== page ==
What the ACA Has Meant to Me: Dependent Coverage and No Benefit Caps

Part III of a three-part series.

When I was diagnosed with Rheumatoid Arthritis (RA), I was taking what was supposed to be my final semester of college. As it turned out, I ended up having to drop all of my classes due to the agony and intense fatigue I experienced until my new medical treatment started calming my symptoms. I graduated college at the age of 23, yet I continued to take two undergraduate classes a semester. That’s because my father was a professor at my university, and his insurance plan allowed dependents to be covered until the age of 26 provided they were students. As expensive as college is, it was cheaper than the full price of my healthcare costs.

When I explored my options, the plan that I could get with my pre-existing condition had a premium of $1,800 a month and a $6,000 deductible. As incredibly expensive as such a plan was, some people with pre-existing conditions didn’t even have this unsavory option. Before the Affordable Care Act (ACA) as many as 19% of applicants for health insurance policies were denied coverage due to having a pre-existing condition.1 The ACA prohibits insurance companies from denying coverage due to health status (I detail how coverage for pre-existing conditions has personally impacted me in part II of this series), and also includes the provision that dependents can be covered on their parents’ insurance until the age of 26. I was very fortunate that my father’s employer was ahead of its time in already making a similar provision for dependents.

Due to my father’s insurance coverage, I had the option of attending graduate school. Had I not been allowed to stay on his plan, I wouldn’t have continued my education, as the insurance plan for students did not cover my expensive biologic drug. It was Enbrel that made it possible for me to return to classes in the first place, so without it, I likely would have had such high disease activity that I could not have made it through graduate school.

With the passage of the Affordable Care Act, almost anyone can stay on their parents’ insurance until they turn 26.2 Unlike my father’s plan, the ACA does not require that dependents be enrolled in college courses. Had the ACA been in place when I was diagnosed, I could have saved several thousands of dollars by not taking those additional undergraduate courses after I graduated. I would have started my career with less debt.

Reflecting on how I might not have attained my master’s degree and gone on to a career requiring that level of education, I think of all the young adults today who might not have the option of pursuing their goals if the provision for remaining on parents’ insurance is removed during the ACA repeal and replace effort. Apparently, I’m not the only one pondering this, as a recent poll indicated that 79% of Americans support the provision that allows children to remain on their parents’ insurance plan until they turn 26.3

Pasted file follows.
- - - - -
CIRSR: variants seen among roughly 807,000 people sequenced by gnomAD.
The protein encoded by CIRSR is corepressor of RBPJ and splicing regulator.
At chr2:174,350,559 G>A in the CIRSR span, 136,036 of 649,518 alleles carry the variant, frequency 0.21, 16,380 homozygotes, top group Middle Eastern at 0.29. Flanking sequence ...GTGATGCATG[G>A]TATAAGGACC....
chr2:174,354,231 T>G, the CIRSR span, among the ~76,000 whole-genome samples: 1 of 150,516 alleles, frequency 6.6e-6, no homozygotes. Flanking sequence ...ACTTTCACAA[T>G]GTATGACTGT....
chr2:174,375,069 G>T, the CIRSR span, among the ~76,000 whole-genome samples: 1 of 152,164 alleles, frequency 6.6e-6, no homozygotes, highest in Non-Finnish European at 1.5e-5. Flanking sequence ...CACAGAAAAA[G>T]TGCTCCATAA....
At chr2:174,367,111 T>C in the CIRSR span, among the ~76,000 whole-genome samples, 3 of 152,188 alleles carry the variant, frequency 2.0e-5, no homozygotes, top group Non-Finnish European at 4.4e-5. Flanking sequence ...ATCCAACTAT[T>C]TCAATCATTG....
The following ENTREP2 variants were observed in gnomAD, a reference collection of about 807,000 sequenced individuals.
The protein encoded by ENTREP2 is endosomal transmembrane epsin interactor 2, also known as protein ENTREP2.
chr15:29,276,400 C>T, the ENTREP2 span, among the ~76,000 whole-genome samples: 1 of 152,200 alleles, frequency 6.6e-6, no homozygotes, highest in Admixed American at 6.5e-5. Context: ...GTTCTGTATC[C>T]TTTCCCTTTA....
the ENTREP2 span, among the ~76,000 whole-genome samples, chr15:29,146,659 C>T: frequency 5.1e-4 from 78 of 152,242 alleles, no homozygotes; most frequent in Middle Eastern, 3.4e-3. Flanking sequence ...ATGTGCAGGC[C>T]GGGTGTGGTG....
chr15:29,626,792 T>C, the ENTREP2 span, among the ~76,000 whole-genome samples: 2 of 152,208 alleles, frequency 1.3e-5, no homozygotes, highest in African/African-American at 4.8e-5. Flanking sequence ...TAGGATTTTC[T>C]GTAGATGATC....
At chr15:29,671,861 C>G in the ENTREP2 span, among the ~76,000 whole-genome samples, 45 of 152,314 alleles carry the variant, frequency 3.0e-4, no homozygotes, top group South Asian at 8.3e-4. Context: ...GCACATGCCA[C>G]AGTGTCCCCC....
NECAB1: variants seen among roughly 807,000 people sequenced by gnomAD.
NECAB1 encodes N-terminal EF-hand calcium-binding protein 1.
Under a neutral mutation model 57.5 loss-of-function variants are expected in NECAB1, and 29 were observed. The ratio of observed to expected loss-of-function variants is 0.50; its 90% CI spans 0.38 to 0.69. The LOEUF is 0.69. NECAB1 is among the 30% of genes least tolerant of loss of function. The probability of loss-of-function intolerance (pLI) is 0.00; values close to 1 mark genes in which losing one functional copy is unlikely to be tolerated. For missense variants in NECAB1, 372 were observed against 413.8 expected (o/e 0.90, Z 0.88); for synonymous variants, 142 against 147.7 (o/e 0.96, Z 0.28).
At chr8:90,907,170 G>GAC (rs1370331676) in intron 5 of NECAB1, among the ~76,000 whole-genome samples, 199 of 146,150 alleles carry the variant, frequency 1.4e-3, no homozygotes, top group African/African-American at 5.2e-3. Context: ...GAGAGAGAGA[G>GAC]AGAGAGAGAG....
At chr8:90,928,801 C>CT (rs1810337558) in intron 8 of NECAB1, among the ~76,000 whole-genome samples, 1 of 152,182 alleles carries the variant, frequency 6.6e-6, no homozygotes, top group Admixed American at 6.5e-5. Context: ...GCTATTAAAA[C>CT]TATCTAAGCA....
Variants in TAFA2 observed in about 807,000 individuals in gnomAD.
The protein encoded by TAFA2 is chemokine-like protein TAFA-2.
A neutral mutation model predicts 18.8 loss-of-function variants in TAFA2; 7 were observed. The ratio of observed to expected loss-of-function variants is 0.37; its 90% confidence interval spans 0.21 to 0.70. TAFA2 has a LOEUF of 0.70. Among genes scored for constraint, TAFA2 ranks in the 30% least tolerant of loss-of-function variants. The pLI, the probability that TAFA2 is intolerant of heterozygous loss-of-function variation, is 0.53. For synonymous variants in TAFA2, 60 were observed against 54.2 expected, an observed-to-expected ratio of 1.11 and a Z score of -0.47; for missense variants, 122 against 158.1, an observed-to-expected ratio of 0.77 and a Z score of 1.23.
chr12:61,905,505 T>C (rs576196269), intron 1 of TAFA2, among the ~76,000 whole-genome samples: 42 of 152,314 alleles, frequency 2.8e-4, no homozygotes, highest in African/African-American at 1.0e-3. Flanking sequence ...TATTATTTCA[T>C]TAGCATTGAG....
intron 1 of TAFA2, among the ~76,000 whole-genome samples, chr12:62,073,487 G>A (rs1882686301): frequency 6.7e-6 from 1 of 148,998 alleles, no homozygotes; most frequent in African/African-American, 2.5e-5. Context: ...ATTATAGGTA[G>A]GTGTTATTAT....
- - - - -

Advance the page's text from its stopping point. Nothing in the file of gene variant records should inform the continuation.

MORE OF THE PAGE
While having health insurance as a graduate student was important to me when I was younger, another provision of the ACA is increasingly important to me as I approach my 40th birthday: the ACA did away with lifetime benefit caps. When I was a young professional, my plan had a million dollar lifetime benefit cap. A million dollars sounds like a lot until one starts doing the math of treating a disease like RA.

I’ve been on several different treatment plans in the 17 years since my diagnosis. When factoring in the portions my insurance provider pays, my treatment costs anywhere from $40,000-$60,000 a year. Averaging that, my prior maximum benefit cap of a million dollars would be reached in 20 years. I’m now only three years away from that 20-year mark, but because of the ACA, I haven’t had to worry about it. Yet, if the lifetime benefit caps are reinstated via changes and/or repeal of the ACA, I will have to think seriously about every medical expense I incur.

If we return to lifetime benefit caps, I won’t necessarily be able to follow my doctor’s recommendations, as following the treatment plan that is most beneficial for me might mean reaching a lifetime cap before the end of my lifetime. One’s later years in life are often the most medically expensive, and the thought of contending with RA and old age without insurance coverage is harrowing. I would hope that Medicare would remain in place and provide the treatment I need, but there are no guarantees.

While it is certainly true that medical care costs continue to rise, I hope that our politicians can find some creative solutions that reign in costs without doing away with popular provisions of the Affordable Care Act that are helpful to those of us with chronic conditions. I want to be seen as more than a dollar sign. I would love to be healthy and not be a burden on the health care system. Unfortunately, I don’t have the option of trading in my RA for a better health profile. I hope my political representatives won’t trade in legislation that provides me with some options and safeguards just to reach a bottom line.

Have you been impacted by the Affordable Care Act? What changes would you like to see in a possible replacement for the law?

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This article represents the opinions, thoughts, and experiences of the author; none of this content has been paid for by any advertiser. The RheumatoidArthritis.net team does not recommend or endorse any products or treatments discussed herein. Learn more about how we maintain editorial integrity here.

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